1 citations


References
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Journal ArticleDOI
Frank Lane1
Abstract: The problems associated with the prohibitive number of possible system modes for a fluttering compressor or turbine blade row are eliminated by the development that comprises the present report. The existence and uniqueness of extremely simple system flutter modes are proved for blade rows consisting of identical blades equally spaced about a common rotor. These simple system modes, if properly interpreted, have the effect of reducing by a factor of n the number of degrees of freedom necessary to analyze an w-bladed configuration. Stated differently, the system of n blades may be considered, with no loss of generality whatsoever, in terms of a single "equivalent blade." The proof holds under any type of flow and any and all types of interblade coupling, so long as a linear analysis is permissible. Moreover, since it is the flutter-inception point that is of interest in predicting critical velocity or rotational speed, it may well be that the conclusions developed apply even to the onset of stall flutter. Practical application of the method to stall-flutter calculations would, of course, require the availability of aerodynamic stallflutter coefficients. The development is carried out first under the assumption of infinite rotor inertia or, in other words, constant rotor velocity. This restriction is then relaxed, and the treatment is expanded to permit torsional oscillations of the rotor itself. I t is proved that under certain conditions the assumption of infinite rotor inertia introduces no error whatsoever.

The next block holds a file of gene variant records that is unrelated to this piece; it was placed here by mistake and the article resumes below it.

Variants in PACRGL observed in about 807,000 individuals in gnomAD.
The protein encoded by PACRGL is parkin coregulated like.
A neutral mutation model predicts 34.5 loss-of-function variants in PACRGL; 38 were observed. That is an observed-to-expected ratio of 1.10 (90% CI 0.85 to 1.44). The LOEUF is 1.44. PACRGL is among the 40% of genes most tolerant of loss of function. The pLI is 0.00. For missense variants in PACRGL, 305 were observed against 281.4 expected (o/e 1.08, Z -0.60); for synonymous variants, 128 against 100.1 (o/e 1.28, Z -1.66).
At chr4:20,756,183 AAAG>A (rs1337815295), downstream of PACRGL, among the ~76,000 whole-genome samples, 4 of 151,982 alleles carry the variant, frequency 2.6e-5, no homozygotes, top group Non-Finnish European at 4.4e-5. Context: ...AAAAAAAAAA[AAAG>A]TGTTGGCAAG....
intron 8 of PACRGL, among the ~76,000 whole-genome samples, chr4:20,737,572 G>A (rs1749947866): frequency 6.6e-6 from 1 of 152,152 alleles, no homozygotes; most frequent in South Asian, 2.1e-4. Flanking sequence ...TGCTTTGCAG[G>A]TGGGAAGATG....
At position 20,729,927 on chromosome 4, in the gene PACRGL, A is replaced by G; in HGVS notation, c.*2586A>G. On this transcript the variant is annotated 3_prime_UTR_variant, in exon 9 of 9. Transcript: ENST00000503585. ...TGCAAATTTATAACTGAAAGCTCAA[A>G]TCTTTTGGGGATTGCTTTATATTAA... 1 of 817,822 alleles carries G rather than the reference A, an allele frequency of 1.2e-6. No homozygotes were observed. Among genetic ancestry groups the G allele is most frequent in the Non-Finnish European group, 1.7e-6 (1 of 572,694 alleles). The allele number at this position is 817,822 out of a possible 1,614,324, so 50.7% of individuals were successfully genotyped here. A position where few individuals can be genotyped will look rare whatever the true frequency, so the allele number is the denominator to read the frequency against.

171 citations

Journal ArticleDOI
Abstract: This paper presents an investigation of the effects of blade mistiming on the aeroelastic stability and response of a cascade in incompressible flow. The aerodynamic, inertial, and structural coupling between the bending and torsional motions of each blade and the aerodynamic coupling between the blades are included in the formulation. A digital computer program was developed to conduct parametric studies. Results indicate that the mistuning has a beneficial effect on the coupled bending-torsion and uncoupled torsion flutter. The effect of mistuning on forced response, however, may be either beneficial or adverse, depending on the engine order of the forcing function. Additionally, the results illustrate that it may be feasible to utilize mistuning as a passive control to increase flutter speed while maintaining forced response at an acceptable level. [A ] [Ar] {AD } { ADr } a b c [D], [Ds [E] E(s,r) [G],[G S

130 citations

Journal ArticleDOI

32 citations


"Effects of Geometric and Structural..." refers methods in this paper

  • ...Then the eigenvalue problem given by equation (4) was solved and damping in torsional and bending modes was obtained....

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Journal ArticleDOI
TL;DR: An overview of the research effort, coordinated between industry, government, and universities, directed toward the development of phenomcnologically founded approaches to induced vibrations in turbomachines.
Abstract: The continuing demand for increased performance in turbine engine turbomachinery has aggravated dynamic problems in the various components, particularly the blading. These problems are generally classified into the categories of either flutter or forced response. Historically, the complexity of the flowfield necessitated the development of empirical flutter and forced-response design techniques. However, such empirical correlations have proven to be inadequate when extrapolated beyond past experience levels. Hence, current research effort, coordinated between industry, government, and universities, is directed toward the development of phenomcnologically founded approaches to these problems. Presented herein is an overview of this ajtack on aerodynamical!}' induced vibrations in turbomachines.

22 citations